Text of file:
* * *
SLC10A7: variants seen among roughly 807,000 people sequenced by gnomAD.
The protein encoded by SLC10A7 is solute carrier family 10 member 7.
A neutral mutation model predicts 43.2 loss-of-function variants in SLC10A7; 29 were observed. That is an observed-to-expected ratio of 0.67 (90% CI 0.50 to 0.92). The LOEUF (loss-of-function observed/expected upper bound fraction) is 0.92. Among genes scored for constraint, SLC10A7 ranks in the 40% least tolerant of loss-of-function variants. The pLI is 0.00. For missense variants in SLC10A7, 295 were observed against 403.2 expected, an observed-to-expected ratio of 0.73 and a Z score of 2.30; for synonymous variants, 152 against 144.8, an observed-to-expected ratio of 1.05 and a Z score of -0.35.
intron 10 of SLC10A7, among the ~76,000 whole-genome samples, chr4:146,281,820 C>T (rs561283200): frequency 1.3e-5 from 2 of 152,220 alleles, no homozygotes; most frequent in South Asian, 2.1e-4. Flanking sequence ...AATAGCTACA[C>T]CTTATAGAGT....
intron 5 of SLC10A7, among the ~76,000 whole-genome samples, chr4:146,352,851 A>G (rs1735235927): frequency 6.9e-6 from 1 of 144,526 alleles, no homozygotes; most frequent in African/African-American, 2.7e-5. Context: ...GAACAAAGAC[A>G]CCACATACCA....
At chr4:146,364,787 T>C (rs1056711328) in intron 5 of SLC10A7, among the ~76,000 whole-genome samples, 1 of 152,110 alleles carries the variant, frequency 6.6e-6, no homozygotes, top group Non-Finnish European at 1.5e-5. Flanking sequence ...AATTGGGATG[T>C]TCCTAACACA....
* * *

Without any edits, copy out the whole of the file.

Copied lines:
SLC10A7: variants seen among roughly 807,000 people sequenced by gnomAD.
The protein encoded by SLC10A7 is solute carrier family 10 member 7.
A neutral mutation model predicts 43.2 loss-of-function variants in SLC10A7; 29 were observed. That is an observed-to-expected ratio of 0.67 (90% CI 0.50 to 0.92). The LOEUF (loss-of-function observed/expected upper bound fraction) is 0.92. Among genes scored for constraint, SLC10A7 ranks in the 40% least tolerant of loss-of-function variants. The pLI is 0.00. For missense variants in SLC10A7, 295 were observed against 403.2 expected, an observed-to-expected ratio of 0.73 and a Z score of 2.30; for synonymous variants, 152 against 144.8, an observed-to-expected ratio of 1.05 and a Z score of -0.35.
intron 10 of SLC10A7, among the ~76,000 whole-genome samples, chr4:146,281,820 C>T (rs561283200): frequency 1.3e-5 from 2 of 152,220 alleles, no homozygotes; most frequent in South Asian, 2.1e-4. Flanking sequence ...AATAGCTACA[C>T]CTTATAGAGT....
intron 5 of SLC10A7, among the ~76,000 whole-genome samples, chr4:146,352,851 A>G (rs1735235927): frequency 6.9e-6 from 1 of 144,526 alleles, no homozygotes; most frequent in African/African-American, 2.7e-5. Context: ...GAACAAAGAC[A>G]CCACATACCA....
At chr4:146,364,787 T>C (rs1056711328) in intron 5 of SLC10A7, among the ~76,000 whole-genome samples, 1 of 152,110 alleles carries the variant, frequency 6.6e-6, no homozygotes, top group Non-Finnish European at 1.5e-5. Flanking sequence ...AATTGGGATG[T>C]TCCTAACACA....